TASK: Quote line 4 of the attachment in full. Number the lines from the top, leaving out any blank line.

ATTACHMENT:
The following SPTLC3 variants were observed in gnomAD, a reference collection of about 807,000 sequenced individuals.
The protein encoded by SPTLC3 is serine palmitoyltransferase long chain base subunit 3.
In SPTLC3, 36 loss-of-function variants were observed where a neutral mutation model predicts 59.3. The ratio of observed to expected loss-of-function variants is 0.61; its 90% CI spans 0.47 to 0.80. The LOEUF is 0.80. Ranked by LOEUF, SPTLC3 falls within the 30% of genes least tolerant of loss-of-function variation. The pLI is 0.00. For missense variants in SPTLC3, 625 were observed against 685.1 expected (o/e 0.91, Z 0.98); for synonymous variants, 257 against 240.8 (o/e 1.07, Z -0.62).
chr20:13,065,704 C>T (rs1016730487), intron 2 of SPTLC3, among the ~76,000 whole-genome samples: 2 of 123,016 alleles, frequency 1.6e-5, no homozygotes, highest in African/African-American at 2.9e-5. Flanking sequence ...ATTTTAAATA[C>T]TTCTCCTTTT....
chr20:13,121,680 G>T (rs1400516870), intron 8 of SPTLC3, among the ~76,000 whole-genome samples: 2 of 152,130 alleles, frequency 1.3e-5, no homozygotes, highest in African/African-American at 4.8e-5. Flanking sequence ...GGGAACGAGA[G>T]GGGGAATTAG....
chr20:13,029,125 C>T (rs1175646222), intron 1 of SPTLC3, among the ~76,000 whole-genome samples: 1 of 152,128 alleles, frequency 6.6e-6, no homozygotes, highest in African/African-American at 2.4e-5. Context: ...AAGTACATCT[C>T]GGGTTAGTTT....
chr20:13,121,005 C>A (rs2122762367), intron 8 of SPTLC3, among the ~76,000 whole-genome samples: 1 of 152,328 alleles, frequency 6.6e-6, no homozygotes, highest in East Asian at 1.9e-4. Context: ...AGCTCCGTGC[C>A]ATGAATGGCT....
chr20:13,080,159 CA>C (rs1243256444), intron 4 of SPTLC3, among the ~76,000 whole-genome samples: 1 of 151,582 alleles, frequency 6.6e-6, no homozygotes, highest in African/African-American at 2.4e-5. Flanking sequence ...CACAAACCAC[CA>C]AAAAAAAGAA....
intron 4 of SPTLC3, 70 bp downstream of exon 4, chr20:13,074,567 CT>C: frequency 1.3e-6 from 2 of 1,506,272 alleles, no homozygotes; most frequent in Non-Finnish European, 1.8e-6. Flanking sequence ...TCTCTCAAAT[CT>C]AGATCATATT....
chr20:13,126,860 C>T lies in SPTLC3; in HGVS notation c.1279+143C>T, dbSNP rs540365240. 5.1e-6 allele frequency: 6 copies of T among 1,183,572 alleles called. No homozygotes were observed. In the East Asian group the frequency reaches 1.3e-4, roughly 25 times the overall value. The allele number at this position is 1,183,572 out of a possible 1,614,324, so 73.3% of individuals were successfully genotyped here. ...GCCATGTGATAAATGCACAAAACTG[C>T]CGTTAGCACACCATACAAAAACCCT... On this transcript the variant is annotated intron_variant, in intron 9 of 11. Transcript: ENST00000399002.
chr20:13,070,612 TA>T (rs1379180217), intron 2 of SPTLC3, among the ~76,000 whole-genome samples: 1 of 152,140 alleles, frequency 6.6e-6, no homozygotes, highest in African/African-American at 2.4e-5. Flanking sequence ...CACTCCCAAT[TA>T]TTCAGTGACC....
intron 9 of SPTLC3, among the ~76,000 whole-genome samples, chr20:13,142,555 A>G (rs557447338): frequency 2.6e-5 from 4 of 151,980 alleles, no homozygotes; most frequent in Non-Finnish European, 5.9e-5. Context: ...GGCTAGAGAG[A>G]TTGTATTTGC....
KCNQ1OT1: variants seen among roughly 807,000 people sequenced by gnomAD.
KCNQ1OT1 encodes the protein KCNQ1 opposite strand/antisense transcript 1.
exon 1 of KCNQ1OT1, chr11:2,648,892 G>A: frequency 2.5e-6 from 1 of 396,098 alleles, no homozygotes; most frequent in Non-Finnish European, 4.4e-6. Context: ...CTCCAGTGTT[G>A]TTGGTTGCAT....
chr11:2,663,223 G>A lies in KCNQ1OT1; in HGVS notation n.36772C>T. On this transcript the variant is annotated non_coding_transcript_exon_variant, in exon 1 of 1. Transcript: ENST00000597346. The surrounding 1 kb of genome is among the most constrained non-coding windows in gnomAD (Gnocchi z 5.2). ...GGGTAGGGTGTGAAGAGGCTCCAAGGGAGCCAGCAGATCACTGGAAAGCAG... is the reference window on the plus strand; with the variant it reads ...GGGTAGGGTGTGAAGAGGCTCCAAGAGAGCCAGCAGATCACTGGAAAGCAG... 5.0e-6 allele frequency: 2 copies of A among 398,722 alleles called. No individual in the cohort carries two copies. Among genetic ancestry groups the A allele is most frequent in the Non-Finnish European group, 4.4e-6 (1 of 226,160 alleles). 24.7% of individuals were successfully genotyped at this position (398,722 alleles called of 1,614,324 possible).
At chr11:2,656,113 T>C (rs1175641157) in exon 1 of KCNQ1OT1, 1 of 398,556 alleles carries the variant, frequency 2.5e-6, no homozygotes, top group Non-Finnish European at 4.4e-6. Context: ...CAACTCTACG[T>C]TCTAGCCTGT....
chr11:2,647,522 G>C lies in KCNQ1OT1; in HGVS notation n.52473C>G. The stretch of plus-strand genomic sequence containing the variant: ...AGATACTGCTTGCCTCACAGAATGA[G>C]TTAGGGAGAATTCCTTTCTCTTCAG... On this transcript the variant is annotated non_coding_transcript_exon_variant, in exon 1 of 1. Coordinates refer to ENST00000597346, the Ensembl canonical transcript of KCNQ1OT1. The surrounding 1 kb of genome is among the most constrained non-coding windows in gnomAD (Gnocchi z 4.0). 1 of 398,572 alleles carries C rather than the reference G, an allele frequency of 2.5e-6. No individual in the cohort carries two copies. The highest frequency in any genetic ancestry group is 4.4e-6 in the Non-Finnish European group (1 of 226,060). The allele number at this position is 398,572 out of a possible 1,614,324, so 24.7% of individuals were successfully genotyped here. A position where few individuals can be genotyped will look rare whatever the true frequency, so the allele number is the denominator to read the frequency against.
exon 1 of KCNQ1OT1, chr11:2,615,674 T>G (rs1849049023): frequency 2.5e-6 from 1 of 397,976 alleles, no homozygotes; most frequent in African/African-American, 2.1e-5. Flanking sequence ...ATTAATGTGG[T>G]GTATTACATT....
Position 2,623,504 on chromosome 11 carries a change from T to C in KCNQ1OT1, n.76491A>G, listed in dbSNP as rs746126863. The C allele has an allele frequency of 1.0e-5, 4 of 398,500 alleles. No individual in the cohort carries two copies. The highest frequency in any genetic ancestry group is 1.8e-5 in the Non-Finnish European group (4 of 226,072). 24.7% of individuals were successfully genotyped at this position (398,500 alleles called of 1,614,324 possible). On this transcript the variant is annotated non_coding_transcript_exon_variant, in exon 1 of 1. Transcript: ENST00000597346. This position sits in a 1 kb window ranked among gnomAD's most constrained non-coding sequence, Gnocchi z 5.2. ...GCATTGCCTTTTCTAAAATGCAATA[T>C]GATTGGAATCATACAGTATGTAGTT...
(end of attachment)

chr20:13,065,704 C>T (rs1016730487), intron 2 of SPTLC3, among the ~76,000 whole-genome samples: 2 of 123,016 alleles, frequency 1.6e-5, no homozygotes, highest in African/African-American at 2.9e-5. Flanking sequence ...ATTTTAAATA[C>T]TTCTCCTTTT....